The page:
Psalm 118 – Repetition and Repetition

Psalm 118 Bible With Tony's Chocolonely Milk Chocolate with Caramel and Sea Salt
Hey, there’s the other half of Psalm 117. How you doin’, little guy?

Today’s Chocolate: Tony’s Chocolonely Milk Chocolate with Caramel and Sea Salt

Today’s PassagePsalm 118

I expect that lyrical repetition has been around for as long as singing itself. After all, it’s a potent device. If you want to write a hit pop song, get yourself a simple, singable chorus and a catchy hook, and lean into it hard: just drill it into your listeners’ heads. And whatever lyrical gymnastics you’re pulling off in your rap track, whatever rapid-fire vocals and complex internal rhymes, make sure you’ve got a good call-and-response chorus to get the audience bouncing.

And if you’re an ancient Hebrew lyricist, you too can put these techniques to work. Enter Psalm 118.

There are three repeated phrases in Psalm 118. It begins with a call to worship, “His lovingkindness is everlasting” (vv.1, 2, 3, 4); all of Israel, the priests (“the house of Aaron”), and “those who fear the Lord” are each in turn called to declare God’s lovingkindness. As the song progresses, the psalmist declares of the enemies surrounding him, “In the name of the Lord I will surely cut them off” (vv.10, 11, 12). Finally, the phrase “The right hand of the Lord does valiantly” (vv.15, 16) is repeated twice. With his enemies routed, the psalmist transitions from the second section of repetition to the third with this line: “The Lord is my strength and song, and He has become my salvation” (118:14). The point the psalmist intends to drive home is that God shows his lovingkindness by rescuing his people and empowering them to defeat their enemies.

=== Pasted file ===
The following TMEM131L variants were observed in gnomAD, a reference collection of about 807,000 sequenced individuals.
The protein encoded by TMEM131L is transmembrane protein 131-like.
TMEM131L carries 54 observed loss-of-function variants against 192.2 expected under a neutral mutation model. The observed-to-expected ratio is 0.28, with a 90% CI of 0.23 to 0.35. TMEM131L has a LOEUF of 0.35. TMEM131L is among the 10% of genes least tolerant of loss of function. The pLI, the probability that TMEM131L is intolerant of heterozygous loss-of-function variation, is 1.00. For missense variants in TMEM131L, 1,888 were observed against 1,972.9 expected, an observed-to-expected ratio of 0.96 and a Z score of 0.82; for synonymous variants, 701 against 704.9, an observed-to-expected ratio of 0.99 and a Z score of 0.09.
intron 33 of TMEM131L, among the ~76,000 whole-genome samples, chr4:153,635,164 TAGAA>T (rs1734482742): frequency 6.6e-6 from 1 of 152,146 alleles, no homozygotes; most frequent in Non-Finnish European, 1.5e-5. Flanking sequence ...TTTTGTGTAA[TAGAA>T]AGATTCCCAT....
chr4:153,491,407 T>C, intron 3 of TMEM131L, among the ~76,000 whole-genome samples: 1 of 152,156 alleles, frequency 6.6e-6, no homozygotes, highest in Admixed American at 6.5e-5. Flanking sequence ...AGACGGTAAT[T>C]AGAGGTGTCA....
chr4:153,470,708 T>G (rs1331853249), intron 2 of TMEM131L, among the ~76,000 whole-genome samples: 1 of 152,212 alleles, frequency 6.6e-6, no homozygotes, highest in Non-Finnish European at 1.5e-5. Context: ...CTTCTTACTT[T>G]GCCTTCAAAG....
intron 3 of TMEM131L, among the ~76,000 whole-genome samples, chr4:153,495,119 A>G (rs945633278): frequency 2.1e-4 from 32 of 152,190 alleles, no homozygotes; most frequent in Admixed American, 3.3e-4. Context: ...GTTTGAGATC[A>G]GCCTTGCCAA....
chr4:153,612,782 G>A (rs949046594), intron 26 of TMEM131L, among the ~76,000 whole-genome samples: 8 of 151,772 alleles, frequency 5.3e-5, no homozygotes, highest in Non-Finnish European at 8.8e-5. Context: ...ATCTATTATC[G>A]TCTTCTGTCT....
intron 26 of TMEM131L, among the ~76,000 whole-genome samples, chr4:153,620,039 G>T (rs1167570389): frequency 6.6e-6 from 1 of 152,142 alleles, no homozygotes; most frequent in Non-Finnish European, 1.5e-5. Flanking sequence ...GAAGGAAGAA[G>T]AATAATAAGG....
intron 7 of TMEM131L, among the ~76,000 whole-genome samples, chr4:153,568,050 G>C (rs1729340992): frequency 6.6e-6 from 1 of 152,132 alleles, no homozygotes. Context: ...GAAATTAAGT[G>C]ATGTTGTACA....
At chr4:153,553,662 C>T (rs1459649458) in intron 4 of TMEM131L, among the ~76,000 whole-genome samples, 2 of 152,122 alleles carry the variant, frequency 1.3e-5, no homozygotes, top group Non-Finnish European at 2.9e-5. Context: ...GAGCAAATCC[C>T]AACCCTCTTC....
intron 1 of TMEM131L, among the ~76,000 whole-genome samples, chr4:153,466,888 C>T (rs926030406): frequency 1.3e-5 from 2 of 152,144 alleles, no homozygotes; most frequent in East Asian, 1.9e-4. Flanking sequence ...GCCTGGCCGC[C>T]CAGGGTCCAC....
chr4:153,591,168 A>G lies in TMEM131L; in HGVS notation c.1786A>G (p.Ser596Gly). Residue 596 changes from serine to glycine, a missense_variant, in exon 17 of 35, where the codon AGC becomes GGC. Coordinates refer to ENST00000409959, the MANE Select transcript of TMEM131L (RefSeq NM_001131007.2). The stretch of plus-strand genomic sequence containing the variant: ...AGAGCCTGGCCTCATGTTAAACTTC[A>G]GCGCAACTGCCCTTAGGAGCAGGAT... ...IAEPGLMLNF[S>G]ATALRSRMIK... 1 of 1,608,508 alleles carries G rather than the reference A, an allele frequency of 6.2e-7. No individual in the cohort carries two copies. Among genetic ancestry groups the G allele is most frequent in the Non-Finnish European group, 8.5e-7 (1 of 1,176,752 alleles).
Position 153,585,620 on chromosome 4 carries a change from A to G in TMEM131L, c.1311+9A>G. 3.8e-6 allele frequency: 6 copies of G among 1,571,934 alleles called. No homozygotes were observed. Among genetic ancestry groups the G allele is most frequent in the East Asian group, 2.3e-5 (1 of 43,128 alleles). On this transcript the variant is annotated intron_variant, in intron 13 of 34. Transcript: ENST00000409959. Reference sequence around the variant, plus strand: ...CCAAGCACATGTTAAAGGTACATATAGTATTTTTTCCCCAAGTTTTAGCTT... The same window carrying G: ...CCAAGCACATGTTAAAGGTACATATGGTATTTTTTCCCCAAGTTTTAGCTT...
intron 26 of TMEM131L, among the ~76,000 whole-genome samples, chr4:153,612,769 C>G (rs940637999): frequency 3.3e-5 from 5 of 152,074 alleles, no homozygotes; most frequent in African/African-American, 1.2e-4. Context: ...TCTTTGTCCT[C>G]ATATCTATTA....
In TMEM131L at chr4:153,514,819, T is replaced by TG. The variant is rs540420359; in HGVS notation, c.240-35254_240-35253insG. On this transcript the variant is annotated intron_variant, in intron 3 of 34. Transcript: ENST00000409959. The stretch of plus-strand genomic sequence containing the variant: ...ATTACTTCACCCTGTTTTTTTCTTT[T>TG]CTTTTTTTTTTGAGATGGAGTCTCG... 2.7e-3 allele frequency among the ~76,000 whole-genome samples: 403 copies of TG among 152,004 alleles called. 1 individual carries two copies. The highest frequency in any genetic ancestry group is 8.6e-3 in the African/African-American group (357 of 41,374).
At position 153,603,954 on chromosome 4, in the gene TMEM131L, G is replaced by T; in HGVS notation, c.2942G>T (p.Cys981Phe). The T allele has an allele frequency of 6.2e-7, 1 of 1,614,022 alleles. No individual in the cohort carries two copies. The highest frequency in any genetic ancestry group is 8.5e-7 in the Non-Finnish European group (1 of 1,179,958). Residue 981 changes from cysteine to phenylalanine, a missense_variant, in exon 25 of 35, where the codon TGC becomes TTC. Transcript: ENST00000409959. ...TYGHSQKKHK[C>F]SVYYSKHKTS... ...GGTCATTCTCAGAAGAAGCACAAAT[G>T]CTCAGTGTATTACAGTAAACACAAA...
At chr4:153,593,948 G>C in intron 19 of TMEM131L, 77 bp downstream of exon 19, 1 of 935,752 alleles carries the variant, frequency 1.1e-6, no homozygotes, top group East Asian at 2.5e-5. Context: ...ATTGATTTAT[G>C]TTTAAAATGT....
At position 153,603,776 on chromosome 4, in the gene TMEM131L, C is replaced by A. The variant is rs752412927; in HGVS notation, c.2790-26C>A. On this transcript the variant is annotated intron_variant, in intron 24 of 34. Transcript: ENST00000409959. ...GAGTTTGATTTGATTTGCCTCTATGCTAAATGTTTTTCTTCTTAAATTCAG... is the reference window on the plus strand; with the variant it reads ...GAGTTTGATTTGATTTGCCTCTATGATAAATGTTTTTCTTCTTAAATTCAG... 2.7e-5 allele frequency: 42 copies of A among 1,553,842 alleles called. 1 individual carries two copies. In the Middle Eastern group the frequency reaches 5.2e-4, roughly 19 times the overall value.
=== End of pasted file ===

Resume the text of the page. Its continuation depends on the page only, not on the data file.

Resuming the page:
In the latter portion, the psalm abandons the formulas of repetition, and nearing the end we find a verse that Peter quotes in his first letter. Peter cites the verse “The stone which the builders rejected has become the chief corner stone” (118:22) in 1 Peter 2:4-8, maintaining that Jesus Christ is the corner stone, despised by men but chosen by God as the foundation of humanity’s salvation. As always, I can’t help but wonder: did the psalmist have the Messiah in mind as he composed this psalm? Does the verse “Bind the festival sacrifice with cords to the horns of the altar” (118:27) refer symbolically to Jesus Christ’s sacrifice on the cross? I don’t know for sure–but I’m inclined to think so.

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